Credit: Keta on Flickr, under Creative Commons
Three Ohio college students delivered on March 19 a petition to the Ohio State Legislature in Columbus demanding an end to laws that allow rapists to sue survivors of their crime for custody and visitation rights to children who result from the crime. The petition launched by Ultraviolet gathered nearly 60 000 signatures. Ohio is among the 31 U.S. states that allow convicted rapists to sue survivors of the crime for custody and visitation rights of children conceived by rape.
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Habiba Sarabi is the most prominent woman running on a ticket in the April 5 election to choose a successor to Afghan President Hamid Karzai, the Associated Press reported March 18. Sarabi once served as Afghanistan‘s first female governor, and her current bid to become Afghanistan’s first female vice president is part of an effort to get out the women’s vote as candidates scramble for every ballot.
President Barack Obama talked with female college students about how to expand their economic potential during a visit at Valencia College in Orlando, Fla., the New York Times reported March 20. In his address, the president emphasized his administration’s efforts to give more women access to higher education and to promote equality in the workplace, a White House official said.
United Arab Emirates President Sheikh Khalifa Bin Zayed Al Nahyan has appointed Amal Al Qubaisi to be the country’s first female member to the Abu Dhabi Executive Council, Gulf Business reported March 16. The Executive Council assists the ruler in running the emirate.
A federal judge on March 14 struck down Arkansas‘ attempt to ban most abortions beginning 12 weeks into a woman’s pregnancy, saying viability, not a heartbeat, remains the key factor in determining whether abortions should be allowed, the Associated Press reported March 15.
A case of sexual harassment in one of Egypt‘s largest universities has sparked outrage after the school’s dean said the woman’s outfit triggered the incident, The Daily Star reported March 18. In a video that has gone viral on social networks, Cairo University security guards escort a student wearing tight black pants and a long sleeved pink top after she hid in a toilet from dozens of male students who were sexually harassing her.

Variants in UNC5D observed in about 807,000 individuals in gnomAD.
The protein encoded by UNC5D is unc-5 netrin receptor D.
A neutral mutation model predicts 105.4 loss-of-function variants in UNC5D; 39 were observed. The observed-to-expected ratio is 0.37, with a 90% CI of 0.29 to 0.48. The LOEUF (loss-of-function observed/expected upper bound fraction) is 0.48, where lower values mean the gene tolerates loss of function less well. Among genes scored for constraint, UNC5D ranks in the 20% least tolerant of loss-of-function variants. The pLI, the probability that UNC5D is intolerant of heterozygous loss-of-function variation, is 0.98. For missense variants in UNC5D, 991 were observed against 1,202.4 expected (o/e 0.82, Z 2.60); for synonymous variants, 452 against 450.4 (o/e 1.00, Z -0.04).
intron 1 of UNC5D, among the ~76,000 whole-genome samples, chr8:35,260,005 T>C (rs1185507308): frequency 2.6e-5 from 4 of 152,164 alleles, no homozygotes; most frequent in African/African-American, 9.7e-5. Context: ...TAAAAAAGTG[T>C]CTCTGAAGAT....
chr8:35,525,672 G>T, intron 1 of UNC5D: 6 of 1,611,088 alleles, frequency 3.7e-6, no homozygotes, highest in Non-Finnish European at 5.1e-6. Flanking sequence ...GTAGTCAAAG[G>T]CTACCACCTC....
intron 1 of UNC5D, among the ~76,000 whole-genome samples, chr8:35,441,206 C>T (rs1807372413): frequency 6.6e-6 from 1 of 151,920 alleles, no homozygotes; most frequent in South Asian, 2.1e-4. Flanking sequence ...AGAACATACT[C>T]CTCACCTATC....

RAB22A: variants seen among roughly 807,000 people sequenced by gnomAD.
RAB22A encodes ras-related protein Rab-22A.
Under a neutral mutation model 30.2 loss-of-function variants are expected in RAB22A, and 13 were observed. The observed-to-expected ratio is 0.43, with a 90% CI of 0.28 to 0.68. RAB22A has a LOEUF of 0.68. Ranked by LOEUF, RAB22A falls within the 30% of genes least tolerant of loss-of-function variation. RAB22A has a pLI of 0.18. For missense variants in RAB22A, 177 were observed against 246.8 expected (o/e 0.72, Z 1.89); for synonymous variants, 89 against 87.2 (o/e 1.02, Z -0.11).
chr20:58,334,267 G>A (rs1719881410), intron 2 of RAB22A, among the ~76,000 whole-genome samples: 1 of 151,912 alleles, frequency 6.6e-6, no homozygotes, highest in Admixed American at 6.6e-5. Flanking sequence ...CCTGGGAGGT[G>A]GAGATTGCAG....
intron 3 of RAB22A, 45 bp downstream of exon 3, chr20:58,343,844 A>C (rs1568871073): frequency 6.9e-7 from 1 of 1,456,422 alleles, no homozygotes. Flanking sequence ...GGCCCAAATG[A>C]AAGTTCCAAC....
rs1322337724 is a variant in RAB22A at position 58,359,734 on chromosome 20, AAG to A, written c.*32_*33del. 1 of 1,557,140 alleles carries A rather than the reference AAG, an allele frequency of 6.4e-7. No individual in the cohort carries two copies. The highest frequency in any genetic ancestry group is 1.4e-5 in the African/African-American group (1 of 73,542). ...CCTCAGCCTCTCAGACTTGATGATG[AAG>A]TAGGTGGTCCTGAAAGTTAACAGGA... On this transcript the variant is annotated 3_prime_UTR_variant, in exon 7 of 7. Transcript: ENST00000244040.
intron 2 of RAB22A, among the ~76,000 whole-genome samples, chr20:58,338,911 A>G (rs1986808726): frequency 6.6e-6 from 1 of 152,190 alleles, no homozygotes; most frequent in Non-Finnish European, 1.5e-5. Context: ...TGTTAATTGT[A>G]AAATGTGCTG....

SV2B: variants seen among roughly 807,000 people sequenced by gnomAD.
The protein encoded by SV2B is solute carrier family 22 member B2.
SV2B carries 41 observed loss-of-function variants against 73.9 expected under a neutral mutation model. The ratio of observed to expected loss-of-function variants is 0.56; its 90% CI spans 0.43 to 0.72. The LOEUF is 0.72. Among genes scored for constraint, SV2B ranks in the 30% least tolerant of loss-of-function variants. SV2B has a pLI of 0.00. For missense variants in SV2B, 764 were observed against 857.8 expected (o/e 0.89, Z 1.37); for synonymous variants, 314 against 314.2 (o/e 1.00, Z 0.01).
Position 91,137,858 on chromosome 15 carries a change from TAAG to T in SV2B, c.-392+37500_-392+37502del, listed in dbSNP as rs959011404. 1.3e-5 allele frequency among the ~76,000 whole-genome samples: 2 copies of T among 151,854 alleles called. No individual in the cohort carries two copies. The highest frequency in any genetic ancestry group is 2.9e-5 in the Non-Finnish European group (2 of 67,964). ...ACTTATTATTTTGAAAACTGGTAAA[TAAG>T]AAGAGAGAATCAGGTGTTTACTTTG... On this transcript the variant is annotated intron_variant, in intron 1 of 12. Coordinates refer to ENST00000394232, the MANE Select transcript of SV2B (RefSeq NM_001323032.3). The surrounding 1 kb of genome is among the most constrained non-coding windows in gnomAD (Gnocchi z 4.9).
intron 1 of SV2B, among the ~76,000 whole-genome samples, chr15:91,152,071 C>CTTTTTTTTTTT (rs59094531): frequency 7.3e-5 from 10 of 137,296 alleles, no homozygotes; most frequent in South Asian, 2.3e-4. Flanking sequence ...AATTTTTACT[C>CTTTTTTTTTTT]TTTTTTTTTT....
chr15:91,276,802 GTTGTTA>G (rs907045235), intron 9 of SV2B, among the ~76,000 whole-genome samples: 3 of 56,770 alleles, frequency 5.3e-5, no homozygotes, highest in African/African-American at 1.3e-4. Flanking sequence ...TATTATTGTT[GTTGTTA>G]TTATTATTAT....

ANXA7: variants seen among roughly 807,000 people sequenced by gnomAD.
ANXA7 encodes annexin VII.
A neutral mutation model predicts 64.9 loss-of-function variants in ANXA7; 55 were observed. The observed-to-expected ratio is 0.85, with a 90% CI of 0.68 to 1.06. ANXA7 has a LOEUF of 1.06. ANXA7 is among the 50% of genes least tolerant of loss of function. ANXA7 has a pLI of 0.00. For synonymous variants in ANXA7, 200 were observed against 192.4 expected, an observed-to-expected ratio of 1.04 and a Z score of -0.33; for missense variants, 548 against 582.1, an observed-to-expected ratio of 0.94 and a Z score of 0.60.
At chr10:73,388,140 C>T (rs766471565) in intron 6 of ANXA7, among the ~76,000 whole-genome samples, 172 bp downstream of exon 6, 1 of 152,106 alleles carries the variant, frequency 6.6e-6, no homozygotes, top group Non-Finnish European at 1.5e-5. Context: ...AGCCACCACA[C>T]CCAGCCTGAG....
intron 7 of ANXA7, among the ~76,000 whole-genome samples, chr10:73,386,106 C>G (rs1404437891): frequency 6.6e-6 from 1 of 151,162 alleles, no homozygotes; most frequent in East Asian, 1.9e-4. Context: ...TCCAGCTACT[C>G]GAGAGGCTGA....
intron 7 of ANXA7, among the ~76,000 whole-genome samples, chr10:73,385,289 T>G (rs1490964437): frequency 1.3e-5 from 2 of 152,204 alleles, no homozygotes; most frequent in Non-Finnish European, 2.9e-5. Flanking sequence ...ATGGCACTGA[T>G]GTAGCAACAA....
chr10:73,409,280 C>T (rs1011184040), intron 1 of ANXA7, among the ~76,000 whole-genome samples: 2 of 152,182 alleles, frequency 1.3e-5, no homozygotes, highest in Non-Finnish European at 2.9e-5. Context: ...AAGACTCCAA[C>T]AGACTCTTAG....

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Pakistani Prime Minister Nawaz Sharif has reportedly given his approval for the removal of a law banning underage marriage, as well as a law regarding the second marriage of a man with the permission of his first wife, India Today reported March 13. Sharif’s move comes two days after the Council of Islamic Ideology decreed that laws on the minimum age of marriage were not in line with Islam and that children of any age can be married.
A draft law in Iraq that sets out rules to do with inheritance, marriage and divorce faces opposition from activists and religious leaders, Middle East Online reported March 18. Opponents argue that the bill represents a step back for women’s rights, in particular citing a clause that allows girls to divorce at the age of 9, meaning that they could conceivably marry earlier.
A Mormon women’s group pushing for gender equality was informed that its members won’t be allowed to protest on church property at the faith’s upcoming conference, Fox News reported March 18. Despite the notice, the group, Ordain Women, says members intend to march into Temple Square and ask to be allowed into an all-male priesthood meeting April 5, reprising a similar protest from last year.